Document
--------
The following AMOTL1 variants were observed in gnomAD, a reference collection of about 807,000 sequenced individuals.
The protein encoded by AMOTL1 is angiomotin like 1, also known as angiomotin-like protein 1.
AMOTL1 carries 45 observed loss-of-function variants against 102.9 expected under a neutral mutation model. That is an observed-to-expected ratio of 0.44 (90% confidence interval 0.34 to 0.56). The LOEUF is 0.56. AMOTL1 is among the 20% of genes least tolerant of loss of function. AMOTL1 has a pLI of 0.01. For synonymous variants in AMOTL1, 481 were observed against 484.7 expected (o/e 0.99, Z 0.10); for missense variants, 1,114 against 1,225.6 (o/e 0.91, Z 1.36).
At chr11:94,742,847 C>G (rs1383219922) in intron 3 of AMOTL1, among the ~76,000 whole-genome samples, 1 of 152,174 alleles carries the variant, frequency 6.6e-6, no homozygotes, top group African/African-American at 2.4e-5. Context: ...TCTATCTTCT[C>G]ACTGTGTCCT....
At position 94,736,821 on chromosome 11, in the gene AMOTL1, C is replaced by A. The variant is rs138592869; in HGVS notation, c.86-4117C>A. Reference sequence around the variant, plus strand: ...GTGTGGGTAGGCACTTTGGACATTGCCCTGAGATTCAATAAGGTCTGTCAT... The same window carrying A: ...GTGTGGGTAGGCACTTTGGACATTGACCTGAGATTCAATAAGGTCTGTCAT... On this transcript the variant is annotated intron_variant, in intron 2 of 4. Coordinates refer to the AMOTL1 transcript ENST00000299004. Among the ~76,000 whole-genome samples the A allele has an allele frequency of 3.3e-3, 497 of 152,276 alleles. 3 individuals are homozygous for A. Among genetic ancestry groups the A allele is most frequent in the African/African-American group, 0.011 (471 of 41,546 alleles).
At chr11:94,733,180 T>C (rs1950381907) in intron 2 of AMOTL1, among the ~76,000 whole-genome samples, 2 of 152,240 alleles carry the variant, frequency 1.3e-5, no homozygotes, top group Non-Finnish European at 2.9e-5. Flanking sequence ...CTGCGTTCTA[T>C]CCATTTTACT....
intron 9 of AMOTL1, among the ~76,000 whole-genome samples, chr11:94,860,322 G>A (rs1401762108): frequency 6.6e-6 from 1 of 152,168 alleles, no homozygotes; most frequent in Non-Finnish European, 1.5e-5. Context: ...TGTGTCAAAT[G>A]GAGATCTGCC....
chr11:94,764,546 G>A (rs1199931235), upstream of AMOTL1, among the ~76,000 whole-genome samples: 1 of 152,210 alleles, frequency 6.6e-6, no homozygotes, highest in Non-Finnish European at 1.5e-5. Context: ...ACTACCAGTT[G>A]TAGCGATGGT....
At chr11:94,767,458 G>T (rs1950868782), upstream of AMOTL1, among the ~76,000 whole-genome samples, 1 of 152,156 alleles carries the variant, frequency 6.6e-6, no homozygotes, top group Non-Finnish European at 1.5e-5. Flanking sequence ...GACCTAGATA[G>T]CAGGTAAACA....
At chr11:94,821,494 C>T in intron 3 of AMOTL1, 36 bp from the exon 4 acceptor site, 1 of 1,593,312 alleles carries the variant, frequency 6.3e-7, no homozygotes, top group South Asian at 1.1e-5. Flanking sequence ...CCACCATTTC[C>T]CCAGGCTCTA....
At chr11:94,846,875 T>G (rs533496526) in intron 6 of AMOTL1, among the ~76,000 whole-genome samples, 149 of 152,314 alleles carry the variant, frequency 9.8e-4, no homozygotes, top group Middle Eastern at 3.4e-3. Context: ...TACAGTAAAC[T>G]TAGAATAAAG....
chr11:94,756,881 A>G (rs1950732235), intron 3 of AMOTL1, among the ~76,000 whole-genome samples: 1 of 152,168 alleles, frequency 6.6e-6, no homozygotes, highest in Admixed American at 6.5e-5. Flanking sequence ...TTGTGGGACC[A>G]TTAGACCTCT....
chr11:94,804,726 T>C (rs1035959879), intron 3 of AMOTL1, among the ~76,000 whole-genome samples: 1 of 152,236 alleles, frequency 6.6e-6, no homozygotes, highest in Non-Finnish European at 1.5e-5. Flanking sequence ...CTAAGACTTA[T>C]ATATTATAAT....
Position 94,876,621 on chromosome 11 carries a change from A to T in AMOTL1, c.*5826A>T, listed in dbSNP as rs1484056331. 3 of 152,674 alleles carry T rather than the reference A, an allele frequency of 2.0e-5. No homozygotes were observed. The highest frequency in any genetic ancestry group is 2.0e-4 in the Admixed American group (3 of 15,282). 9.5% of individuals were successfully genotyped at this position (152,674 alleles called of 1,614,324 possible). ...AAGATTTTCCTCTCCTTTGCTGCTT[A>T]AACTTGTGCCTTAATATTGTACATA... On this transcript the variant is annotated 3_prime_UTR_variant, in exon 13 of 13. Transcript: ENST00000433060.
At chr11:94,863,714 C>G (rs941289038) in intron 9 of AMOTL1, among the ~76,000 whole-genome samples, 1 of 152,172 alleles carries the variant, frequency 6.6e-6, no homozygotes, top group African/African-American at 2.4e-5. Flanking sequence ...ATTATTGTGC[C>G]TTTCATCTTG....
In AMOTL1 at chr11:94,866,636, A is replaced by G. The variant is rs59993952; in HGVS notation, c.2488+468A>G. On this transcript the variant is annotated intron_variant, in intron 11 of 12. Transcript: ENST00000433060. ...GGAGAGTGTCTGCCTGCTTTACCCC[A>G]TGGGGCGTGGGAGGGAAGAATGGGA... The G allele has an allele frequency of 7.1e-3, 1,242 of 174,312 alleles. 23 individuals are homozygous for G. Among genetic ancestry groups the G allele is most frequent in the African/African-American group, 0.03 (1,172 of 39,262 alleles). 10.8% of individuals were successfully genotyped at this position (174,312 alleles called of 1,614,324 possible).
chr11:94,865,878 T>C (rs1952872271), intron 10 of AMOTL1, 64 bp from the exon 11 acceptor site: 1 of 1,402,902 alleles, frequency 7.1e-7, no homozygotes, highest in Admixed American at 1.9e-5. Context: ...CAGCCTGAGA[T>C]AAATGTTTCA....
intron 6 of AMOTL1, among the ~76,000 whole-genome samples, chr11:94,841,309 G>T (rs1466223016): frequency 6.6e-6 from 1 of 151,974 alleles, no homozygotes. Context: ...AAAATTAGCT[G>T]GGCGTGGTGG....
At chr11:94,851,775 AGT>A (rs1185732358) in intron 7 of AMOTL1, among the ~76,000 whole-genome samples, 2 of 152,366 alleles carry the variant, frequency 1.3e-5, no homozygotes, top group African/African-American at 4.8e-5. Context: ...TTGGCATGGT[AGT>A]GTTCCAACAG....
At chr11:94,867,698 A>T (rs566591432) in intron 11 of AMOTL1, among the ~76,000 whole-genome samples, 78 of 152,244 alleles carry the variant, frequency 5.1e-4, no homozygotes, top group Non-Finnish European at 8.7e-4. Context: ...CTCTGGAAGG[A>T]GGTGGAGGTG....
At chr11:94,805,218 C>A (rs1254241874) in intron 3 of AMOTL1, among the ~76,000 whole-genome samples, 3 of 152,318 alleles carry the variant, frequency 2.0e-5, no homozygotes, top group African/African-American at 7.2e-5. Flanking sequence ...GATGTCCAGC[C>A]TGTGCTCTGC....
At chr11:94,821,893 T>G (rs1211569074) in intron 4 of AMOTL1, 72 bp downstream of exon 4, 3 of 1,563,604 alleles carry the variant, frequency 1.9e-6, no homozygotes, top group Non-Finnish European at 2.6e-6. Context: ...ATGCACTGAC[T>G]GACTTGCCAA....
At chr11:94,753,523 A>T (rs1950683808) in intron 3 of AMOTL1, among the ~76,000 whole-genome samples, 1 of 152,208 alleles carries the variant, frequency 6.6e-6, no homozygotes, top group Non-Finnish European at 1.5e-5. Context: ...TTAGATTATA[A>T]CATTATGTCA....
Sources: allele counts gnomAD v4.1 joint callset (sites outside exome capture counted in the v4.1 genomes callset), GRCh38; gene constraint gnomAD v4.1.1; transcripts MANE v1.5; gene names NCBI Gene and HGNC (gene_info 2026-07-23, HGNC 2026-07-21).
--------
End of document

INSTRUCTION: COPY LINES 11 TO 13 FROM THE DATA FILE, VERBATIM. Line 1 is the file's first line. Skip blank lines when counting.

At chr11:94,846,875 T>G (rs533496526) in intron 6 of AMOTL1, among the ~76,000 whole-genome samples, 149 of 152,314 alleles carry the variant, frequency 9.8e-4, no homozygotes, top group Middle Eastern at 3.4e-3. Context: ...TACAGTAAAC[T>G]TAGAATAAAG....
chr11:94,756,881 A>G (rs1950732235), intron 3 of AMOTL1, among the ~76,000 whole-genome samples: 1 of 152,168 alleles, frequency 6.6e-6, no homozygotes, highest in Admixed American at 6.5e-5. Flanking sequence ...TTGTGGGACC[A>G]TTAGACCTCT....
chr11:94,804,726 T>C (rs1035959879), intron 3 of AMOTL1, among the ~76,000 whole-genome samples: 1 of 152,236 alleles, frequency 6.6e-6, no homozygotes, highest in Non-Finnish European at 1.5e-5. Flanking sequence ...CTAAGACTTA[T>C]ATATTATAAT....